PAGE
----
In General
Getting Here


In General

Location / Name:
Ivy City, Washington DC

What's Here:
Amtrak Maintenance Facility
DC Metro yard

GPS Coordinates: 38.915054,-76.988336 New York Ave, adjacent to the middle of the yard
You're in the city of Washington DC: No state, no county, no representation! (it's on their license plates)
ZIP: 20002
Phone A/C: 202

Scanner Frequencies:
CSX: 160.230
Amtrak: ?

Access by train/transit:
The Rhode Island Metro station is about a half a mile to the north of the two yards
The Union Station Metro station is about 3/4 of a mile to the south
DC's Union Station, where you have Amtrak, VRE, and MARC, it is about 3/4 of a mile to the south

Railfan Safety:
The Ivy City area is not especially a really safe place to wander around alone, bring a friend, better yet, bring along 2 or 3 friends
The hikey-bikey trail that runs parallel to the tracks coming out of Union Station seems to be pretty safe tho

The Scoop:

Ivy City used to be home to some great trains back in the old days of the Baltimore & Ohio, the Pennsylvania RR, the Richmond Fredericksburg & Potomac, the Southern Railway, and the Seaboard System.  Now it serves as the maintenance facility for Amtrak's Northeast Corridor, MARC, and the VRE.

Adjacent to the Amtrak Yard is one of several area DC Metro heavy rail (subway) yards.

Websites and other additional information sources of interest for the area:,_Washington,_D.C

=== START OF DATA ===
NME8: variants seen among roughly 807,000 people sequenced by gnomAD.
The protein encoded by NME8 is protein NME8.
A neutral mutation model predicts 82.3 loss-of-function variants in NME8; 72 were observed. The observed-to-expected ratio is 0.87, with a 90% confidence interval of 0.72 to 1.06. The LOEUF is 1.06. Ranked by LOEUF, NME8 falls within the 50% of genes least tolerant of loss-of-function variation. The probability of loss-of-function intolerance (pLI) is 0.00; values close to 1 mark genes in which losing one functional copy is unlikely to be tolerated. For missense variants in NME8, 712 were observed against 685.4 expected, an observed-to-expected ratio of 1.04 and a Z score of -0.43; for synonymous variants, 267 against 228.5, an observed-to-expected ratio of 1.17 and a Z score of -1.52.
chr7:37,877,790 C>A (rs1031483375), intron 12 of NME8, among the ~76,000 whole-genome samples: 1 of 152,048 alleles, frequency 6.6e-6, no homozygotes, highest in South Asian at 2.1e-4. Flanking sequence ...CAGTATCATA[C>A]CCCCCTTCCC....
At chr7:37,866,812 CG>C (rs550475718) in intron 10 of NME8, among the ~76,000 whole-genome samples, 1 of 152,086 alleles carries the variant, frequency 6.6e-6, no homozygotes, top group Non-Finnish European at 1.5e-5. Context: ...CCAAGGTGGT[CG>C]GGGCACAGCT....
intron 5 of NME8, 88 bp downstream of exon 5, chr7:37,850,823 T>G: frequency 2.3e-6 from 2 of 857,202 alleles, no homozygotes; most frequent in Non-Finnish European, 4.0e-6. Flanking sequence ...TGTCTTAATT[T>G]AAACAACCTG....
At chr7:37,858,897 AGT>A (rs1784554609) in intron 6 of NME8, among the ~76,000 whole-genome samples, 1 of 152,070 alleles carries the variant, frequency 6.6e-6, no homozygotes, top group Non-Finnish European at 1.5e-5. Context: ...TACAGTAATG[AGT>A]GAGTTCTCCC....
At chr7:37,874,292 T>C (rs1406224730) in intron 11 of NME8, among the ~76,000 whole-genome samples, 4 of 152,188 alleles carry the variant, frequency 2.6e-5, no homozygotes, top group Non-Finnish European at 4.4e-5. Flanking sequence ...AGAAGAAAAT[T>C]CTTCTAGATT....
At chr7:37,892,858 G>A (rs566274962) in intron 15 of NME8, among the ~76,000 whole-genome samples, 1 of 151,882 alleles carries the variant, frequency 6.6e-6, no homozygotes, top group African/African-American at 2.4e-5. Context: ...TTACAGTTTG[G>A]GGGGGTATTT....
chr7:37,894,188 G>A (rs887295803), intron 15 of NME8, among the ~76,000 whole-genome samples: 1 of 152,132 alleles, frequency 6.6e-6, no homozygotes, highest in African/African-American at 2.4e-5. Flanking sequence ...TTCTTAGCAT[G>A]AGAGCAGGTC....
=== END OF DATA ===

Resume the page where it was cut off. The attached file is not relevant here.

The above map in PDF format is available here


  Ivy City Yard

Ivy City Yard, where all of the passenger and commuter trains are serviced and staged for the rush hours.  Union Station is to the left, Baltimore is to the right.

  the Metro Shops

The Metro facility is built on the site of the former Washington Terminal coach yard.  The aerial shot shows both the Washington Metro shops and yard, and some of the coach storage tracks (which is pretty much the way it looks when WT operated the yard).  Union Station is to the left, Baltimore off the bottom, and points west off to the right.

                  Metro signals along the trail.


For the signal fan, we have a variety of signals in the area.

On the Northeast Corridor, we have the standard Amtrak PCL's. 

Over on CSX, the old B&O, almost all of the CPL signals have been replaced with the standard "Darth Vader" type colorlight signals, in late 2014 or early 2015.  As of January 2019, there are still two full size CPL's standing next to the Metro shops, and all the signals in the throat and at the station are still dwarf CPL's.

With the railroads replaced legacy type signals all over the place, east, west, north, south, it is getting increasingly difficult to find signals different from the now standard colorlight signal.  HOWEVER, this area contains a most unique set of signals on the NEC, as you will see below.  When the Washington Terminal decided on using the B&O CPL signals as their "standard", the Pennsy used standard PL parts to build a B&O style CPL signal... very cool!

Last, but not least, we have the standard red/white/red transit style colorlight signals over on the DC Metro.

  Amtrak NEC PCL's